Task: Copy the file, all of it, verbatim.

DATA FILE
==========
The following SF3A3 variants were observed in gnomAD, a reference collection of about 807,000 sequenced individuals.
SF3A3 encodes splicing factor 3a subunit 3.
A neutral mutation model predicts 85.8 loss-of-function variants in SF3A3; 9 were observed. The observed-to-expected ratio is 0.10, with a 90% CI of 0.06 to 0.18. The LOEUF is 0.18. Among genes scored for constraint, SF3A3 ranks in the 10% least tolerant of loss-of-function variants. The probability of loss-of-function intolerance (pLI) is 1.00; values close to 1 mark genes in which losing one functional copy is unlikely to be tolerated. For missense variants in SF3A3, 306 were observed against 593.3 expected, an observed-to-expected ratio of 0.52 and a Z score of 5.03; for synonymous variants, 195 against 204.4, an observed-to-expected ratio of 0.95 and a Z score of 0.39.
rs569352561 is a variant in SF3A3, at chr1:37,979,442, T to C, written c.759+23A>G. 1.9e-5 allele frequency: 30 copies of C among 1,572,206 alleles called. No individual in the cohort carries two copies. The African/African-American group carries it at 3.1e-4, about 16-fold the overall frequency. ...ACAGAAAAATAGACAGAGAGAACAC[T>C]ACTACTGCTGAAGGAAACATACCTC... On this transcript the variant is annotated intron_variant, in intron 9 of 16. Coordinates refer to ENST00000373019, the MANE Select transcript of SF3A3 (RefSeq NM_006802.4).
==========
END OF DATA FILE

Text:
The following SF3A3 variants were observed in gnomAD, a reference collection of about 807,000 sequenced individuals.
SF3A3 encodes splicing factor 3a subunit 3.
A neutral mutation model predicts 85.8 loss-of-function variants in SF3A3; 9 were observed. The observed-to-expected ratio is 0.10, with a 90% CI of 0.06 to 0.18. The LOEUF is 0.18. Among genes scored for constraint, SF3A3 ranks in the 10% least tolerant of loss-of-function variants. The probability of loss-of-function intolerance (pLI) is 1.00; values close to 1 mark genes in which losing one functional copy is unlikely to be tolerated. For missense variants in SF3A3, 306 were observed against 593.3 expected, an observed-to-expected ratio of 0.52 and a Z score of 5.03; for synonymous variants, 195 against 204.4, an observed-to-expected ratio of 0.95 and a Z score of 0.39.
rs569352561 is a variant in SF3A3, at chr1:37,979,442, T to C, written c.759+23A>G. 1.9e-5 allele frequency: 30 copies of C among 1,572,206 alleles called. No individual in the cohort carries two copies. The African/African-American group carries it at 3.1e-4, about 16-fold the overall frequency. ...ACAGAAAAATAGACAGAGAGAACAC[T>C]ACTACTGCTGAAGGAAACATACCTC... On this transcript the variant is annotated intron_variant, in intron 9 of 16. Coordinates refer to ENST00000373019, the MANE Select transcript of SF3A3 (RefSeq NM_006802.4).